A study in the September issue of the American Journal of Roentgenology says that a new low-dose abdominal computed tomography (CT) technique called adaptive statistical iterative reconstruction (ASIR) can reduce the radiation dose associated with abdominal CT scans by 23-66 percent.
Abdominal CT scans are typically used to help diagnose the cause of abdominal or pelvic pain and diseases of the internal organs, bowel, and colon.
AdvertisementASIR is a technique that allows radiologists to reduce the noise in an image and improve image quality (like adjusting a TV antenna to make a "fuzzy" image sharper) while reducing the radiation dose.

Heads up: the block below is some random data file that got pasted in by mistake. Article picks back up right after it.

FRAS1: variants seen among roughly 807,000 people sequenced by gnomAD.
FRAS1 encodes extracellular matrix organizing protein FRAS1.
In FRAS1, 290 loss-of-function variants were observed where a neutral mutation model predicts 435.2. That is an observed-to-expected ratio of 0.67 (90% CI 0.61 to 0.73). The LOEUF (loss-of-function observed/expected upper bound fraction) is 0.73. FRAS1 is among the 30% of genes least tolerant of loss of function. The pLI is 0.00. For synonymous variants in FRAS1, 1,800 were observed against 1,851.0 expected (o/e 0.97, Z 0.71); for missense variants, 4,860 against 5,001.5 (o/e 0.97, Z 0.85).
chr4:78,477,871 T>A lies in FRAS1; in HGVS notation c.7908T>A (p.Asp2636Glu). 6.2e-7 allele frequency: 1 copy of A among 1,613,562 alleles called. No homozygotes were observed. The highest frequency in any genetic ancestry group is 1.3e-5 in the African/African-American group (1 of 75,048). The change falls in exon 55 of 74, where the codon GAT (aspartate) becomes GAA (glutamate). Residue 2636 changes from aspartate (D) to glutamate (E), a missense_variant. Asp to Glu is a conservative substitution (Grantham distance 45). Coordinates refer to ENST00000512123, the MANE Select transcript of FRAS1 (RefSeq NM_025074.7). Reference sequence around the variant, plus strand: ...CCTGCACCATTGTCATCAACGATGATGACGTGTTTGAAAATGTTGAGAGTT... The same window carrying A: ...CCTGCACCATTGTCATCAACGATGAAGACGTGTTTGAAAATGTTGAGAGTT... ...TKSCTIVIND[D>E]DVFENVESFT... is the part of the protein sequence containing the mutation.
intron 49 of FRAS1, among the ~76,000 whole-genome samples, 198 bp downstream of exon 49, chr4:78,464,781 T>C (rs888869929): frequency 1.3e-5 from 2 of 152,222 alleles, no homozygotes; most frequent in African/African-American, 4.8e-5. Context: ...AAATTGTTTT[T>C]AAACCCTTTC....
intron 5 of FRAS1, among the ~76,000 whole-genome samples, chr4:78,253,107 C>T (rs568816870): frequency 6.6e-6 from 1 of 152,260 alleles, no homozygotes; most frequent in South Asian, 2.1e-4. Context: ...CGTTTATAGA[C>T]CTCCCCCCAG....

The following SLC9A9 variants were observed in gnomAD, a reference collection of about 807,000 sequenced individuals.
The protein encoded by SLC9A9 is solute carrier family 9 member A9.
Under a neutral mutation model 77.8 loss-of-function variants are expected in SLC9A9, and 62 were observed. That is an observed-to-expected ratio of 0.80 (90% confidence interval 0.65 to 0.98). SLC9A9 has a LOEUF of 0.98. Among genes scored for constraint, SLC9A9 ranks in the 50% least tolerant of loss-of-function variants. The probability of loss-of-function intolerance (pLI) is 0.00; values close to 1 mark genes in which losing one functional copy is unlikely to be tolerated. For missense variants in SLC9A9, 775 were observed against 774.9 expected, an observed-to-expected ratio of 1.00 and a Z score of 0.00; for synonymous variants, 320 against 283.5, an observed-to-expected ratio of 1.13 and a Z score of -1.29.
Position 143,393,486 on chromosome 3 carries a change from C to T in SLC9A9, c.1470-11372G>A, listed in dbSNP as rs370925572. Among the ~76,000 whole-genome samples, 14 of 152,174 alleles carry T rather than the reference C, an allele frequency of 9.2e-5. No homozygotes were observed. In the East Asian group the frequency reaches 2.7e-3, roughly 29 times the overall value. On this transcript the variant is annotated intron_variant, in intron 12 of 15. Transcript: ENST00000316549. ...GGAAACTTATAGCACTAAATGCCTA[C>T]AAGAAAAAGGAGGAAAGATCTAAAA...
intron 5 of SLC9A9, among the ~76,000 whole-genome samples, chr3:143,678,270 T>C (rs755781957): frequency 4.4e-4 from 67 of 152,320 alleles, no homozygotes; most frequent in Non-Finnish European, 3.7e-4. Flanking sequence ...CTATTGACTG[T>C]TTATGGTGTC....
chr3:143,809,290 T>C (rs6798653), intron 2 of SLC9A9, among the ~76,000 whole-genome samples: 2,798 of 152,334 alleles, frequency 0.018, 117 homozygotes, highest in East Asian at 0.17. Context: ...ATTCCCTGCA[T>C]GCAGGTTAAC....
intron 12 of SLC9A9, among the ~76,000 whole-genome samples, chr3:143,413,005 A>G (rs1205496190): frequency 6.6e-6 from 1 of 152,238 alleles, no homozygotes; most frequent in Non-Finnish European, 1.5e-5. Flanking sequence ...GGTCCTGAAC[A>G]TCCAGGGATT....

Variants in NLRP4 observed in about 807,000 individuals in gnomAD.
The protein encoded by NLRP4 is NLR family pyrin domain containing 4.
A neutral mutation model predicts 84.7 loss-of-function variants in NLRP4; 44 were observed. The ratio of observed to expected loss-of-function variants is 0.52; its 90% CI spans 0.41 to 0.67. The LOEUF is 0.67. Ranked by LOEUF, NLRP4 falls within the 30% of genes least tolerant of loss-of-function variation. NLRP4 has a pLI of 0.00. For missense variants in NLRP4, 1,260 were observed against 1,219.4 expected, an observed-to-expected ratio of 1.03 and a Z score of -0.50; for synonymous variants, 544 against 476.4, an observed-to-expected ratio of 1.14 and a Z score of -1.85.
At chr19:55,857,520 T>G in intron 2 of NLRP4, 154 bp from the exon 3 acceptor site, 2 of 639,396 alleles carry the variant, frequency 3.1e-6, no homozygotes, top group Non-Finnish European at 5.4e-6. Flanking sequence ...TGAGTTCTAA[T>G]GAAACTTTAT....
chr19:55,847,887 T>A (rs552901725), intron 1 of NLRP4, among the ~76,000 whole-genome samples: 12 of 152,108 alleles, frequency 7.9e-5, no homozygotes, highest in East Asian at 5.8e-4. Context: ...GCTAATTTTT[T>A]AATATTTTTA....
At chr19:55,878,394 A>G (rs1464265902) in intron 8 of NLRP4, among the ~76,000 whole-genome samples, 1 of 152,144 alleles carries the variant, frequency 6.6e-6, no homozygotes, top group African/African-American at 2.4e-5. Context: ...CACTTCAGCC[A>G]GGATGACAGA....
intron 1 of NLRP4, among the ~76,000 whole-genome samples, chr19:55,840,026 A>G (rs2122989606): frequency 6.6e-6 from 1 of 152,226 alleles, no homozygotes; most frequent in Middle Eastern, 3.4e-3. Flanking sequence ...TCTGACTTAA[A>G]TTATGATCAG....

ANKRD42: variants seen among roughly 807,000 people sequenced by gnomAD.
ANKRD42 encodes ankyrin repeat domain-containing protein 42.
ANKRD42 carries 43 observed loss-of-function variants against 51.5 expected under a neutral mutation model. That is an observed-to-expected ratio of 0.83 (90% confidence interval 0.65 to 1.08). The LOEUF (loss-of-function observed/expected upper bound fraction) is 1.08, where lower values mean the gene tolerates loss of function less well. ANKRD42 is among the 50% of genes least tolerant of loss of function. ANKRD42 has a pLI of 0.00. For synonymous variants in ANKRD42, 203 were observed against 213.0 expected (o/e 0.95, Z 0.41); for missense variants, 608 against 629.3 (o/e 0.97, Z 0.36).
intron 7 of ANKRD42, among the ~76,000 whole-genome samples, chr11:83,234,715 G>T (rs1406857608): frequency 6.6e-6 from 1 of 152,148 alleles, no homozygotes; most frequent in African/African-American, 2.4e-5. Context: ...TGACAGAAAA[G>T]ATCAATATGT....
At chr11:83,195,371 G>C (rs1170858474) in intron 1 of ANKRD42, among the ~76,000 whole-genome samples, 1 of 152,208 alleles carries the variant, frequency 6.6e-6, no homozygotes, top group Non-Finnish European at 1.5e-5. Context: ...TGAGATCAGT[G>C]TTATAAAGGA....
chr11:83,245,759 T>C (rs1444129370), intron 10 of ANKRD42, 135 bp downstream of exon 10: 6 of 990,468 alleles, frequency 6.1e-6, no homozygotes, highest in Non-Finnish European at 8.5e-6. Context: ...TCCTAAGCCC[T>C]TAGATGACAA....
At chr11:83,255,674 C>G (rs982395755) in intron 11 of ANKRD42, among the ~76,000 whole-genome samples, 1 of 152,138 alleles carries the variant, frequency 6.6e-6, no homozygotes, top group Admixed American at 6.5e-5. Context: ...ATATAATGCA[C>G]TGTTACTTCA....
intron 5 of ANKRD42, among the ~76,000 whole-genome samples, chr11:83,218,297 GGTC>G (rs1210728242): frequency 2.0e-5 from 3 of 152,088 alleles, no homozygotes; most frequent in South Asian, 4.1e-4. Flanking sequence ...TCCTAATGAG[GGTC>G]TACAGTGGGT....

The study, performed at the Mayo Clinic in Scottsdale, AZ, included 53 patients who underwent contrast-enhanced abdominal low-dose CT with 40 percent ASIR. All 53 patients had previously undergone contrast-enhanced routine-dose CT with filtered back projection (FBP). The average dose reduction using the ASIR technique (compared to routine-dose CT with FBP) was 66 percent for patients with a body mass index (BMI) of less than 20 and 23 percent for patients with a BMI of 25 or greater. "A significant difference," said Amy K. Hara, MD, lead author of the study.
"The results of this study show that low-dose abdominal CT with ASIR is a viable technique with image quality that is nearly comparable to that of our routine dose techniques and is worthy of further study," said Hara.